Starting a breeding/hatching flock - questions about NPIP, legal protocol

Discussion in 'Ducks' started by wordgirl, Jan 22, 2012.

  1. wordgirl

    wordgirl One of the Shire-folk

    Apr 14, 2009
    I'm hoping to start a flock of Ancona ducks (a breed listed under critical status according to the ALBC - http://www.albc-usa.org/cpl/waterfowl/ancona.html) and I've been thinking about selling hatching eggs, but I haven't ever done that before and was wondering - what all goes into that?

    Is it required/helpful to be NPIP certified - and how do you go about that? Are there any other legal/government things you have to do before you can ship hatching eggs?

    Thanks!
     
  2. Oregon Blues

    Oregon Blues Overrun With Chickens

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    It would help if you would give your state in case there is state specific stuff for you.

    NPIP is a federal program but it is run by the individual states, so it works a bit differently in each state.

    Basically, a certified tester comes out and blood tests all your birds and swabs your incubators and brooders. If everything passes, you get an NPIP number. Then you can not bring any new birds that are not from an NPIP breeder or source onto your property without getting tested again. You can bring in birds, chicks, and eggs from another certified NPIP breeder with no problems with your certificate.

    You will get a print-out about whatever rules your state has about bio-security.

    You can not legally ship birds across state lines without an NPIP number. I know a lot of people are shipping eggs that are not certified, so perhaps that is OK. Or, at minimum, if it is not legal, no one is checking.

    Any breeder who is NPIP will not (can not) buy from you if you are not certified. Which probably isn't an issue unless you are selling quality stock. I can't imagine a certified breeder wanting to buy eggs from pet quality birds.
     
  3. pips&peeps

    pips&peeps There is no "I" in Ameraucana

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    States also have different requirement for importation. Some require permits and some require additional testing.
     
  4. Ridgerunner

    Ridgerunner Chicken Obsessed

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    The Federal Government only controls what is shipped across state lines. I'm not sure they have NPIP requirements for shipments across state lines, but maybe just help set up the individual state's programs. I'm not sure about that, but I'm sure they have a lot more requirements than NPIP for people to bring in hatching eggs from other countries.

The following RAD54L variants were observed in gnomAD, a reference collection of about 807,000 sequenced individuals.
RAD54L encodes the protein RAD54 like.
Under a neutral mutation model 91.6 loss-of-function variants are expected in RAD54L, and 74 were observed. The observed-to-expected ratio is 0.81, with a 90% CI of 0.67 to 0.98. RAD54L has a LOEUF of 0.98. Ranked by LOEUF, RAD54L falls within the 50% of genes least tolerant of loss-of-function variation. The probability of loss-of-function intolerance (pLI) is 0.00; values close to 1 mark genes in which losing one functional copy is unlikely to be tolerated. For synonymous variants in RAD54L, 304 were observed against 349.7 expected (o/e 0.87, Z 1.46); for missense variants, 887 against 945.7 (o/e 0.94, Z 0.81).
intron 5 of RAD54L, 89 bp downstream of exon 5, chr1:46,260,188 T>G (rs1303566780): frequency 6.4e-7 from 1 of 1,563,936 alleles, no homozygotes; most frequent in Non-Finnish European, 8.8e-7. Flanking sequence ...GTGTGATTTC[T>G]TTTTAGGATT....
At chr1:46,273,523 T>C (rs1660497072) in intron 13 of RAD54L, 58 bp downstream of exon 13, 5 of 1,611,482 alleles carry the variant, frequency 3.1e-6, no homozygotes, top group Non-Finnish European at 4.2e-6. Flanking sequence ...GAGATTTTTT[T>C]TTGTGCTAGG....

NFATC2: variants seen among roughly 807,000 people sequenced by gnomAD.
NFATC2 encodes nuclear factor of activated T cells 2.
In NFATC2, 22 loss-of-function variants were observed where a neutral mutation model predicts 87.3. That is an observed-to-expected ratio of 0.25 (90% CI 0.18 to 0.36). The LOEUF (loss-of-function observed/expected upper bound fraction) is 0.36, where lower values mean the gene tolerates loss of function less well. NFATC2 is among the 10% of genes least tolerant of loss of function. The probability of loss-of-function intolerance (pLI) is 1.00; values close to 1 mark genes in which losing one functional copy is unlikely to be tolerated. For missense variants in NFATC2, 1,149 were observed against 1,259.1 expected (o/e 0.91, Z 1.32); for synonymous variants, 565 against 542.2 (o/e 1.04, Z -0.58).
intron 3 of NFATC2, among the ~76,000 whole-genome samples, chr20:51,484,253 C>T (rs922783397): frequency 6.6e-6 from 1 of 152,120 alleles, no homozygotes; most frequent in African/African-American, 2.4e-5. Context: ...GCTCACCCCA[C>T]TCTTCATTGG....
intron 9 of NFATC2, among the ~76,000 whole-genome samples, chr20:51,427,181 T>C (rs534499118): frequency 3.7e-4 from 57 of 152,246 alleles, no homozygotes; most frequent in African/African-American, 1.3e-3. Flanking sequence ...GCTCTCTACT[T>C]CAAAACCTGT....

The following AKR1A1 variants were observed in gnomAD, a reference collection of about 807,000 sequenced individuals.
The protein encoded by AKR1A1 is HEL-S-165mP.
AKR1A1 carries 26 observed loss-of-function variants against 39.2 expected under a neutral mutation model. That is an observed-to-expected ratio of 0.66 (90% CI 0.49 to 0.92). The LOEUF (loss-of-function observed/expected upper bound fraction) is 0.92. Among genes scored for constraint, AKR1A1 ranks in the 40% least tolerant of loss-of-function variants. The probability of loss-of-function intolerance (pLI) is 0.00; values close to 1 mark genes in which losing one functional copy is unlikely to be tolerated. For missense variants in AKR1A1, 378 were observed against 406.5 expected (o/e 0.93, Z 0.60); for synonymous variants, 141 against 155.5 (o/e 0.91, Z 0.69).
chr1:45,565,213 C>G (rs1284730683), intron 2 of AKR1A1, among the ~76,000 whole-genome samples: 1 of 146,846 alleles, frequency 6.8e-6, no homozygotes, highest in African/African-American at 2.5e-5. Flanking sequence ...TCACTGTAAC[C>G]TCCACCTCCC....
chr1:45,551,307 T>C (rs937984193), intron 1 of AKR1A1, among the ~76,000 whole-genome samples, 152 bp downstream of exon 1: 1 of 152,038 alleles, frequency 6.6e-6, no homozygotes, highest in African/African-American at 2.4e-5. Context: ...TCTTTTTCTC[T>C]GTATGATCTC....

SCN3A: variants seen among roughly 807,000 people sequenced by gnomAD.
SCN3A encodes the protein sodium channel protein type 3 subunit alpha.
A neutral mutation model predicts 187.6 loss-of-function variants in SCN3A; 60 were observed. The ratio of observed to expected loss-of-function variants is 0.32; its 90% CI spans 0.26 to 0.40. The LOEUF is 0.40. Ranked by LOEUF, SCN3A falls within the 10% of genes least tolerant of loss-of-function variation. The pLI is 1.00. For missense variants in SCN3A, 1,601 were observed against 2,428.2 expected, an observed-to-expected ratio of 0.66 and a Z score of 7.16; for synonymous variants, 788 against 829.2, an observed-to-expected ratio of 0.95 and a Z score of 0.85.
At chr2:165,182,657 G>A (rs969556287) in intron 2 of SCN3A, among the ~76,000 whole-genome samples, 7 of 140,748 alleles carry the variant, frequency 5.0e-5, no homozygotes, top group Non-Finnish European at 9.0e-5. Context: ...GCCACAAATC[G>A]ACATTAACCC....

Each state has its own requirements. I believe two states choose to not participate in NPIP. I think Hawaii is one and they have a different program in place. The Federal part of the program is only about Pullorum-Typhoid (spelling?). Some of the states have additional requirements or give you the option to take it a step or two further. So you need to check what your state's requirements are. But you also need to check what the requirements are of the state you are shipping to. They can be different. For example, Virginia had an extra requirement for testing so some hatcheries did not ship live chicks to Virginia. They don't have the lab testing requirement for that specific requirement. Last I read about that, Virginia was looking at maybe dropping that additional requriement. These things change.

    How important is NPIP? Pullorum used to be a fairly common chicken disease. After NPIP became well established, it became really rare. It is not totally eradicated, but it is now pretty rare in the USA.

    A good place to start to find your state's requirements is probably your county extension agent, in the phone book under county government. The agent should be able to put you in touch with the right people in state government, whatever that department might be called in your state. Some agents are better than others, but they should also be able to put you in touch with the right people from other states so you can find out what their requirements are so you can ship to them.
     
  5. wordgirl

    wordgirl One of the Shire-folk

    Apr 14, 2009
    Thank you three so much! That is really helpful!

    Oregon Blues, what if you don't have an incubator when they test you, and you get one afterward? Do they have to test that again for your certification to be valid?

    Since there are other requirements for shipping state-to-state, is it really hard to legally ship hatching eggs across state lines?
     
  6. Oregon Blues

    Oregon Blues Overrun With Chickens

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    Are you getting a new incubator or a used one?

    If it is new, there is no issue about it. If it is used, sterilize it really well and have the tester out to swab it before you use it. You don't want to be hatching eggs in an infected incubator, anyway.

    If you want to be a breeder and sell chicks and eggs to trusting buyers, you are going to have to be very careful about sanitation and about preventing infectious disease.

    If you google NPIP and the name of your state, you should be able to find your state's regulations and be able to contact whoever is in charge of the program and ask questions about what is legal for you locally.
     
  7. wordgirl

    wordgirl One of the Shire-folk

    Apr 14, 2009
    Thank you so much! :)
     

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